And if you wrote an article in Building, say, swearing that quantity surveyors are the most truthful people in the world, would you destroy forever the impression of your impartiality? Could you henceforth be the adjudicator, arbitrator or judge in a dispute between a QS and an architect? Would you be, in law, biased and disqualified? Or what if you wrote an article for Scotland on Sunday describing the incorporation of the European Convention on Human Rights into Scottish law as "a Trojan horse?" Then what if you called the convention a pain in the neck for judges and a goldmine for lawyers? Would the impression you created be one of bias against all that human rights stuff?
In fact, this is bias in law, and the judge who wrote the Scotland on Sunday article had his judgments on those cases set aside for that very reason.
It's impressions that count. If a High Court judge sported a spider's web tattoo across their face and swore like a trooper, what impression would he or she create in your mind if you were one of the parties in the trial? Would you lose confidence in them?
The reason why I raise all this is because of you adjudicators and the impressions you create. After three years, nobody really knows what to make of you. Even the judges differ on what you are and what to make of the way you do your job. As to the impression you create, don't be surprised if your ordinary, everyday behaviour, the behaviour of all your years in construction, creates the impression of bias and therefore, in law, is bias.
If, for example, you think barristers are a bunch of wallies and one turns up to argue the toss in an adjudication, keep your mouth shut. Don't blurt out that you think his crowd are half-baked and know nothing about the real world – that's bias. And don't go off the deep end, cursing a solicitor just because of what he or she does for a living. An adjudicator or arbitrator who does that is biased, and will have their decisions set aside if someone complains.
If you think barristers are wallies who know nothing about the real world and one turns up to argue in an adjudication, keep your mouth shut
This business of bias isn't really very much to do with how an adjudicator, or arbitrator, or judge actually feels or thinks about one party or the other. The judge might be the straightest, most even-handed bloke in the world. He may be so objective that even if his old gran turned up in court he would still decide against her, if that's what the facts indicated.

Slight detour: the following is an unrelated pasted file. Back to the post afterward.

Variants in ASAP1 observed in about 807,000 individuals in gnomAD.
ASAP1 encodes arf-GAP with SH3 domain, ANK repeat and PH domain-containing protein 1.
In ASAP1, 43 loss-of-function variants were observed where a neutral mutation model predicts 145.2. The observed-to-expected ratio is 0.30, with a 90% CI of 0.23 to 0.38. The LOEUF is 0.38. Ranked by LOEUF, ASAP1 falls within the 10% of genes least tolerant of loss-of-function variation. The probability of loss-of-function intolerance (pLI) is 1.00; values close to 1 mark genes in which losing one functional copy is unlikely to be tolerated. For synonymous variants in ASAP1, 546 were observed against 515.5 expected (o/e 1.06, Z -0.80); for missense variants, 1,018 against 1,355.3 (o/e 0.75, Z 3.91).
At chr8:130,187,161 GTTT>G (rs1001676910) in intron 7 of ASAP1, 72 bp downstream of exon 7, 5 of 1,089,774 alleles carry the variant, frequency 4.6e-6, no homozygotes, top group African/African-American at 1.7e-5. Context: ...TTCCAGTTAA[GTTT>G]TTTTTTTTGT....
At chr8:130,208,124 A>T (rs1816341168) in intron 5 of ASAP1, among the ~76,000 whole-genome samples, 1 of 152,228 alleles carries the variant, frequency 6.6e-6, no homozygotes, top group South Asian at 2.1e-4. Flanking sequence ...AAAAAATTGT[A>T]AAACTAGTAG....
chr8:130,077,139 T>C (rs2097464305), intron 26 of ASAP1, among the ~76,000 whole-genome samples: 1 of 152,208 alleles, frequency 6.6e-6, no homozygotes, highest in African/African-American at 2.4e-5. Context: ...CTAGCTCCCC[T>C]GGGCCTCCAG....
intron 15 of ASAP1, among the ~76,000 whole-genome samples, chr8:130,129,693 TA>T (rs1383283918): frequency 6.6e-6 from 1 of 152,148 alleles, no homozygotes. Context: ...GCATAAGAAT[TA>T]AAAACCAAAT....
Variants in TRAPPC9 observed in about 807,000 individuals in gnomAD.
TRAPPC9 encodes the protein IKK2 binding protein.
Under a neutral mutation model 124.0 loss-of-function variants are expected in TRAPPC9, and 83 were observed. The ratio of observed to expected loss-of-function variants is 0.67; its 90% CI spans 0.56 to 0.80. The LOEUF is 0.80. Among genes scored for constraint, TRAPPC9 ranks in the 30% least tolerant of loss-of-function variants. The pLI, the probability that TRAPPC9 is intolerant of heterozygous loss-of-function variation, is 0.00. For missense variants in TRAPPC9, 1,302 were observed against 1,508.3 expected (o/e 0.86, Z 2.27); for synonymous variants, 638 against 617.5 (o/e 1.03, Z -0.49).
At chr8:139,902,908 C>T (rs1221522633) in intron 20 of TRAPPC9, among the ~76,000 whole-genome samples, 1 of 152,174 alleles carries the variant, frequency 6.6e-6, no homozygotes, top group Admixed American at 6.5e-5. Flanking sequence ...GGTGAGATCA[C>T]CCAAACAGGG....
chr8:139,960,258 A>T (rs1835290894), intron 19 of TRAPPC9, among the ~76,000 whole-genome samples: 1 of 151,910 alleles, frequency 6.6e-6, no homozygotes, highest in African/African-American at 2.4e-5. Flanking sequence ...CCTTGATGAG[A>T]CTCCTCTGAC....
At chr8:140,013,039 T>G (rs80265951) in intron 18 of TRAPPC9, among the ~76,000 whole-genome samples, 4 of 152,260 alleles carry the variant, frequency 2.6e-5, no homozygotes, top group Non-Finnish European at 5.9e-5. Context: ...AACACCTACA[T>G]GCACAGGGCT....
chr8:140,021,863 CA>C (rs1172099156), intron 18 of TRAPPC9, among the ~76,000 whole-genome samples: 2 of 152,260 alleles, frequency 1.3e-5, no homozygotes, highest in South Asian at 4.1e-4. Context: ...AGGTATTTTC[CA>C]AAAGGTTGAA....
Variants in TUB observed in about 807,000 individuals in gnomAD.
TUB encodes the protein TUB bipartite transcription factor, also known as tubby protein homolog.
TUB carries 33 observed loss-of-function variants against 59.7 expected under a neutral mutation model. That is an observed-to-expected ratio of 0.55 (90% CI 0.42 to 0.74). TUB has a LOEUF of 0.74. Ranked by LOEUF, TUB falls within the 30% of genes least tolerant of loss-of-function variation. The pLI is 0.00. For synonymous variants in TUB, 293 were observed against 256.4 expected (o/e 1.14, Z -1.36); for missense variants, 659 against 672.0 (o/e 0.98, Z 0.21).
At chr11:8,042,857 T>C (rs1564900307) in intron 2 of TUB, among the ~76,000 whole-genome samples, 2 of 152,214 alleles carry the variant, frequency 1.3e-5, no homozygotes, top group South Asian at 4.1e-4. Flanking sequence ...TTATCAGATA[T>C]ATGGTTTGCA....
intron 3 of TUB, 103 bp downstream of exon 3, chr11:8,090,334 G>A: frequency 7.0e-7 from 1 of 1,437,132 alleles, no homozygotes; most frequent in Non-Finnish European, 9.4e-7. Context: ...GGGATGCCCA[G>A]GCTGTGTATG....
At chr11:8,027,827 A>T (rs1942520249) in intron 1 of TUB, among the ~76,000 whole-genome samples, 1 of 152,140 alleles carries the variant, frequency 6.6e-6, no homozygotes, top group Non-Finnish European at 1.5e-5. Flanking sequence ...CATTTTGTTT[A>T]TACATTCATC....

The test for apparent bias asks first what all the circumstances are that have a bearing on the suggestion that bias has arisen; then asks whether those circumstances would lead a fair-minded and informed outsider to conclude that there was a real possibility or danger that the tribunal was unfair.
Can you see that it is pointless to enquire as to the reality or truth or actual bias in the adjudicator's mind? We don't test for reality.
We test for impressions. In a very recent case, a lay member of a High Court tribunal applied for a job to the company that was giving expert evidence in a pharmaceutical case. She was removed for apparent bias. She had merely created the impression of wanting to join that firm and an impression that she might favour its evidence.
Look, we all have our prejudices, opinions and preferences. Judges tend to be private and shun publicity to avoid blowing the gaff on some inner feelings. Arbitrators sometimes play the same trick. As for adjudicators, stifling feelings, observations or thoughts – that's preposterous. Just be normal. And if someone characterises that behaviour as bias, well, maybe the test should be modified since adjudicators are not judges, nor arbitrators nor are they conducting legal proceedings.
Tony Bingham is a barrister and arbitrator specialising in construction. You can write to him at 3 Paper Buildings, Temple, London EC4 7EY, or email him on email@example.com.